All Academic, Inc. Research Logo

Info/CitationFAQResearchAll Academic Inc.
Document

Robots as New Media: A Cross-Cultural Examination of Social and Cognitive Responses to Robotic and On-Screen Agents
Unformatted Document Text:  12 appeared consistently so in all 5 sub-indices of source credibility. The different recognition test results seem to stem from its strong positive correlation with source credibility: American users who perceived the source to be more credible remembered more information from the interaction than Japanese users who perceived the source to be less credible. There are both cultural and stimulus-driven explanations for these differences between American and Japanese participants. One important difference in the experimental setup between the United States and Japan involved the use of different text-to-speech synthesizers. Because of technical limitations in the Japanese synthetic speech engine, the Japanese voices sounded less natural than the English voices. This variation in quality of the robot’s voice may have contributed to differences in source credibility and memory scores, since acoustic features of speech have been shown to play a critical role is determining affiliation (Nass & Najmi, 2002). Secondly, the interaction scripts were originally designed for American participants. Cultural differences in topical content and treatment may have further contributed to the perception of the interactive robot as an outsider to Japanese participants. The phrasing of any character's utterances has been shown to play an important role in establishing each character as a genuine representative of the culture they portray. Markus and Kitayama (1991) suggested that while Americans may value autonomy and internal consistency, these cultural traits may be present to a much smaller degree in Asian cultures. Individualistic cultures also emphasize reasons for feeling, thinking, and acting in terms of individual attributes rather than external social forces. In contrast, collectivist cultures such as Japan think of individual thought in terms of social relationships (Miller, Kozu, & Davis, 2001). The scenarios constructed in this experiment included statements of individualization. It is possible that the difference in source credibility and memory ratings stem partially as well from this type of utterances. Gestures also transmit meaning in everyday dialogue. Cassell (2000) recognizes cultural variability even among those gestures intended to represent a common metaphor, which our robot used frequently to illustrate choices and express emotional content. Even the simplest head nod that our robot executes could have been interpreted as formal assent, as a sign of attentive listening, as a turn-taking confirmation, and as a formal negative, depending on the cultural context in which it is used. Lastly, the patterns of interaction vary dramatically across cultures. Perhaps for a society with such hierarchical values and structure as the Japanese, our West-coast robot should have exercised greater deference in approaching the participants, particularly given the fact that its Japanese voice alluded to a younger embodiment. In spite of individual and cultural differences, however, there are interesting and strong reactions to media characters that jump off the screen. And importance of the differences is only likely to increase. Technology companies, often in partnership with traditional media properties, are increasing the number of robot characters available commercially. This extension of “new media” into a category quite obviously different from traditional screens – in television, film, and computing – should be an extension as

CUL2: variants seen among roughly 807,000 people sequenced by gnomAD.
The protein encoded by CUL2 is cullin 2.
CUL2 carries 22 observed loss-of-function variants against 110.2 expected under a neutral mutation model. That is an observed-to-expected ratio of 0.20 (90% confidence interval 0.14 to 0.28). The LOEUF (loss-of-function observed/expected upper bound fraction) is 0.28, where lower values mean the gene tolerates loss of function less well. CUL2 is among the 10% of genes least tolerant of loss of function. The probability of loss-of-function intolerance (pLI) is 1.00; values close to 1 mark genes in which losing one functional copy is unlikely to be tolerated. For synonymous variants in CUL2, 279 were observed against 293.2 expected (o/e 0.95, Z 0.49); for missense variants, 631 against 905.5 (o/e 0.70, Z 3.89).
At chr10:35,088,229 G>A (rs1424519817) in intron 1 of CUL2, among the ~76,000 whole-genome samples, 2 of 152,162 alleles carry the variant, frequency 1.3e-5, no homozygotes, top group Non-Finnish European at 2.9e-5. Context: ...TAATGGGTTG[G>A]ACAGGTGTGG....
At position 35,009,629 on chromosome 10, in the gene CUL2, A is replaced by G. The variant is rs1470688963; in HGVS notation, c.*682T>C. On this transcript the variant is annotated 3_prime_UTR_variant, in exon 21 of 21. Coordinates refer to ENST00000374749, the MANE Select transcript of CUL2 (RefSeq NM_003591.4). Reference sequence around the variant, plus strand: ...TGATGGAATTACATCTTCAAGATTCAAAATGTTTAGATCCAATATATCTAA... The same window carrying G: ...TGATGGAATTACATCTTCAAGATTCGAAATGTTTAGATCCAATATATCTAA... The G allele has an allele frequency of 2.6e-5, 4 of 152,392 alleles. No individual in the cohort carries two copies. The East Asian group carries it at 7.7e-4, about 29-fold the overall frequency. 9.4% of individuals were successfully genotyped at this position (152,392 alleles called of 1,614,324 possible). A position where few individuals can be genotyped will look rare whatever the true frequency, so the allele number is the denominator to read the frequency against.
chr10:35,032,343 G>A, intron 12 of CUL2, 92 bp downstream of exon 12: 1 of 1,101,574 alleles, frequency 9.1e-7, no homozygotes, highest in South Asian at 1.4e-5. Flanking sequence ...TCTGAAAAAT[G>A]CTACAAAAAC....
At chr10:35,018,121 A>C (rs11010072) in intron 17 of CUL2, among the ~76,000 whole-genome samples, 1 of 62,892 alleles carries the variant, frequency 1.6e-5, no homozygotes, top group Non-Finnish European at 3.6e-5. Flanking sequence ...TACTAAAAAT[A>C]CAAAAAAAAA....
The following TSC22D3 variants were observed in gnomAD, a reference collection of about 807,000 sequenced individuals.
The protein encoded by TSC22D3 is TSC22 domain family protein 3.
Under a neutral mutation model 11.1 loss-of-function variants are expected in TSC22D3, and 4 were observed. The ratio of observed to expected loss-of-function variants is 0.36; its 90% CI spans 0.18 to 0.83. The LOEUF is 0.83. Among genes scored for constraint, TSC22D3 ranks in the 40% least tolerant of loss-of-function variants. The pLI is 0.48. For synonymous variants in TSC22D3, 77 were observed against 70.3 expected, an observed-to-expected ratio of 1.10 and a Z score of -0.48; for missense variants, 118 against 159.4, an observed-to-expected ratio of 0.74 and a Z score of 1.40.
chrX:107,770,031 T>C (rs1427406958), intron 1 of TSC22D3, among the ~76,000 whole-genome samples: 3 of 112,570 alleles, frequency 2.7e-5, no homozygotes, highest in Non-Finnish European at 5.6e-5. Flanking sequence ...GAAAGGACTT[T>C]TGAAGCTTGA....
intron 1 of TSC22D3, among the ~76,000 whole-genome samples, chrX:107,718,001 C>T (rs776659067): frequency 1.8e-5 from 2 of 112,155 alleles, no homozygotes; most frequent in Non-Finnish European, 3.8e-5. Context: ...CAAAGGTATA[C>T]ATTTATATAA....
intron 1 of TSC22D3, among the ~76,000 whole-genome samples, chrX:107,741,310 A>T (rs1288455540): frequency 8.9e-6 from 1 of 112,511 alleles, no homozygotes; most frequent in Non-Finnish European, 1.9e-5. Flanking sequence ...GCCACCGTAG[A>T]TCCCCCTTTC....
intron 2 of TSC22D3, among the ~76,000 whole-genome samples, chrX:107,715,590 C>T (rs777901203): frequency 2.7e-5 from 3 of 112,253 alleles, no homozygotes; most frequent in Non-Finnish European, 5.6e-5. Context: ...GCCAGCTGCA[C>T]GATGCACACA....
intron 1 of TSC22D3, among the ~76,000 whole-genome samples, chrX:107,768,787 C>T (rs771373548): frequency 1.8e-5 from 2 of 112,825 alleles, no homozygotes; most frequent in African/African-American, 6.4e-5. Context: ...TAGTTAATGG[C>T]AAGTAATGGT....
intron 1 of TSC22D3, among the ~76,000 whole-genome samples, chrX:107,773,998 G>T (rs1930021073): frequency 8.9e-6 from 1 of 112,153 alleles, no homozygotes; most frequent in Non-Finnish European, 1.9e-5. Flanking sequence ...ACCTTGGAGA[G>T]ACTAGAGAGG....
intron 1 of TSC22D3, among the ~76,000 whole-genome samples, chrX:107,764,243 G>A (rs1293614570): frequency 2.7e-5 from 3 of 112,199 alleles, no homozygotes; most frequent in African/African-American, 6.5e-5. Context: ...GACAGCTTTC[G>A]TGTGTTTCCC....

Authors: Shinozawa, Kazuhiko., Reeves, Byron., Wise, Kevin., Lim, Sohye., Maldonado, Heidy. and Naya, Futoshi.
first   previous   Page 12 of 15   next   last



background image
12
appeared consistently so in all 5 sub-indices of source credibility. The different
recognition test results seem to stem from its strong positive correlation with source
credibility: American users who perceived the source to be more credible remembered
more information from the interaction than Japanese users who perceived the source to be